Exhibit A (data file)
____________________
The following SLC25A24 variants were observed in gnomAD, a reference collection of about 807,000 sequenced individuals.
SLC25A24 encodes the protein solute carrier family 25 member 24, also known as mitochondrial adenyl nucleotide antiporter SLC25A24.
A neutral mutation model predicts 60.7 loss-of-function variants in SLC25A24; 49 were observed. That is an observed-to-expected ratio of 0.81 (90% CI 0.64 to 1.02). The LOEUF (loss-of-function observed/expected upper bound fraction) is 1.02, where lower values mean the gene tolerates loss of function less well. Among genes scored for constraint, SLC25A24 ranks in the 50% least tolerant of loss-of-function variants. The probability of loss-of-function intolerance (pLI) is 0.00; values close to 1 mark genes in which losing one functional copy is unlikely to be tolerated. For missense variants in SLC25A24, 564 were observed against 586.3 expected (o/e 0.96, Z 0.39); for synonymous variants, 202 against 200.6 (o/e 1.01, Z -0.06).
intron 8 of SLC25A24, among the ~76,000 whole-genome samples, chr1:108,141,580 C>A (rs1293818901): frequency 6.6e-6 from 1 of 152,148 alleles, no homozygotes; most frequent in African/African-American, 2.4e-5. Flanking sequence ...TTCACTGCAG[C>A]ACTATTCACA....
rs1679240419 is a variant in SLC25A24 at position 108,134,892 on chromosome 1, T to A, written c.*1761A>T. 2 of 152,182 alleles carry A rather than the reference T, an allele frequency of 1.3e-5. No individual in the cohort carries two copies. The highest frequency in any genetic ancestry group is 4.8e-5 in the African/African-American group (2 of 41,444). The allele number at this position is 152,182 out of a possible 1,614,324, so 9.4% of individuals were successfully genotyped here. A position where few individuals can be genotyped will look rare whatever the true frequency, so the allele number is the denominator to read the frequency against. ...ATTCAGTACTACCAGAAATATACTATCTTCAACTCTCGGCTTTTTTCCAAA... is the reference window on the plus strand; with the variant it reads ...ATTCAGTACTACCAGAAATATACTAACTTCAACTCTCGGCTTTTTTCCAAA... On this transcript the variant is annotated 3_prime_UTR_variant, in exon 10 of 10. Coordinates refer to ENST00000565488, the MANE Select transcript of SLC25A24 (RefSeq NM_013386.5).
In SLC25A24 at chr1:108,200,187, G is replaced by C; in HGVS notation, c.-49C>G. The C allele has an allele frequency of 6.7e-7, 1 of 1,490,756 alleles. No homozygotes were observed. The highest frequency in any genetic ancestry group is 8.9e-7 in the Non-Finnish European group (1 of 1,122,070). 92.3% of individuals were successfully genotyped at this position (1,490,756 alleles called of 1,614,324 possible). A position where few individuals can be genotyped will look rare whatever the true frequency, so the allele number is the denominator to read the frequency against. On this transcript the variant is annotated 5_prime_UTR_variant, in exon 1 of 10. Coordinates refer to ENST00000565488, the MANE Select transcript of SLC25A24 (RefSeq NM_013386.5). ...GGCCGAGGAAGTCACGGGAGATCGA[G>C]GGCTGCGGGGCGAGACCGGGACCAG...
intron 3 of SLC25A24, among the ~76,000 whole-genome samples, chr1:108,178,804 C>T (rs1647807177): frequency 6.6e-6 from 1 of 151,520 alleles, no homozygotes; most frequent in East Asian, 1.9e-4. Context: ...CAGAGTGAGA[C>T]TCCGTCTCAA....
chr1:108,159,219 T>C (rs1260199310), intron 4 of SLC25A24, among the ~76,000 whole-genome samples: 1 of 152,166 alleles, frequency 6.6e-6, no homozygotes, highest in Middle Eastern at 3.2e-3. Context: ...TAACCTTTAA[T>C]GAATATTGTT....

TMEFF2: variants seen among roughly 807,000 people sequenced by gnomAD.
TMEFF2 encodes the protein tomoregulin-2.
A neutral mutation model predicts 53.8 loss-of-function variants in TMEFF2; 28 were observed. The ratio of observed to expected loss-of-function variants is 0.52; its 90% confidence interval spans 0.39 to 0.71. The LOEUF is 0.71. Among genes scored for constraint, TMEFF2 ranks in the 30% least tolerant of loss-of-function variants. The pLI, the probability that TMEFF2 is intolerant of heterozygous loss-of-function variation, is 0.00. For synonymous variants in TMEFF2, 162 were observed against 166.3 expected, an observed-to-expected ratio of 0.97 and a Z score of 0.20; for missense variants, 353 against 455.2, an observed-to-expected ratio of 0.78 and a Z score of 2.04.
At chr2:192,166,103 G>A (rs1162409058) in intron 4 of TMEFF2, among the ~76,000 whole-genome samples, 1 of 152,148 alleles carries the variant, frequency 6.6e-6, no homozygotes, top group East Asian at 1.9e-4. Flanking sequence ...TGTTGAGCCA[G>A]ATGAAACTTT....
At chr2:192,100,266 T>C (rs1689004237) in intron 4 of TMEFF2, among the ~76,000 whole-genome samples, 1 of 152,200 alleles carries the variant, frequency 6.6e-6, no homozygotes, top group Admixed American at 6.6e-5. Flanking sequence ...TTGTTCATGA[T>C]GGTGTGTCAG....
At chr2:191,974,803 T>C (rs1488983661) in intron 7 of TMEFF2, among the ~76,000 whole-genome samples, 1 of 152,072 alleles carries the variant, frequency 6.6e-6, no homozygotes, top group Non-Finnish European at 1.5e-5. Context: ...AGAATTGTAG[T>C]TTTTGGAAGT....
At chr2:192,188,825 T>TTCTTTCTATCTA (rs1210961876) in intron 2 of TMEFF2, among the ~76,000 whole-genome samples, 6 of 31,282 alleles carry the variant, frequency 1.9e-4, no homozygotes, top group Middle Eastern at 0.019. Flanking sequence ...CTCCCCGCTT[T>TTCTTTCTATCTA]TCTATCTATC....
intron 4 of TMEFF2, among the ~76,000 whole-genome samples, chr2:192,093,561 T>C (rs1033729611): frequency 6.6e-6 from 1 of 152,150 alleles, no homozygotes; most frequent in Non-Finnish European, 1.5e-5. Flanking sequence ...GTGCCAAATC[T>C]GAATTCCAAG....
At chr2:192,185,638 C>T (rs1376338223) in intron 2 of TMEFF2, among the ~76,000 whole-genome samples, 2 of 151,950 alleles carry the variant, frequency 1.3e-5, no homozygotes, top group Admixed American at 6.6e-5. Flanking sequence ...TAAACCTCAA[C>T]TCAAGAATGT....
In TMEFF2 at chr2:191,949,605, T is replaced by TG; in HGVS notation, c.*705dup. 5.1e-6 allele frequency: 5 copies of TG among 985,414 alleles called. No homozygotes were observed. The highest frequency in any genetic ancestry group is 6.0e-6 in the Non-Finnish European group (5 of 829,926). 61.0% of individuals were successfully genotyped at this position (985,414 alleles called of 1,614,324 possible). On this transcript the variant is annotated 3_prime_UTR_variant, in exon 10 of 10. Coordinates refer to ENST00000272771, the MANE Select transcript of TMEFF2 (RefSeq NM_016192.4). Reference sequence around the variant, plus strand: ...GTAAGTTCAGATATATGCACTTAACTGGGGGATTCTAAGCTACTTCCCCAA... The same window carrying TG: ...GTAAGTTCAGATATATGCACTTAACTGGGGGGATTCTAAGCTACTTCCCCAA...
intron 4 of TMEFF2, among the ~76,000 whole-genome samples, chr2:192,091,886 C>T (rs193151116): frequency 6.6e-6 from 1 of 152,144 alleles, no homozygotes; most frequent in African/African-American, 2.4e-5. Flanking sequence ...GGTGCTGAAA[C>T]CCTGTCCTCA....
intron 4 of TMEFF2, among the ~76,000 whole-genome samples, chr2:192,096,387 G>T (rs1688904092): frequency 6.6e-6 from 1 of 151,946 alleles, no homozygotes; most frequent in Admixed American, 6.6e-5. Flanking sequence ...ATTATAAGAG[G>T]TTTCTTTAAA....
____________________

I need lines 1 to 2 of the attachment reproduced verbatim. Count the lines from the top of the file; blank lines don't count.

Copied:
The following SLC25A24 variants were observed in gnomAD, a reference collection of about 807,000 sequenced individuals.
SLC25A24 encodes the protein solute carrier family 25 member 24, also known as mitochondrial adenyl nucleotide antiporter SLC25A24.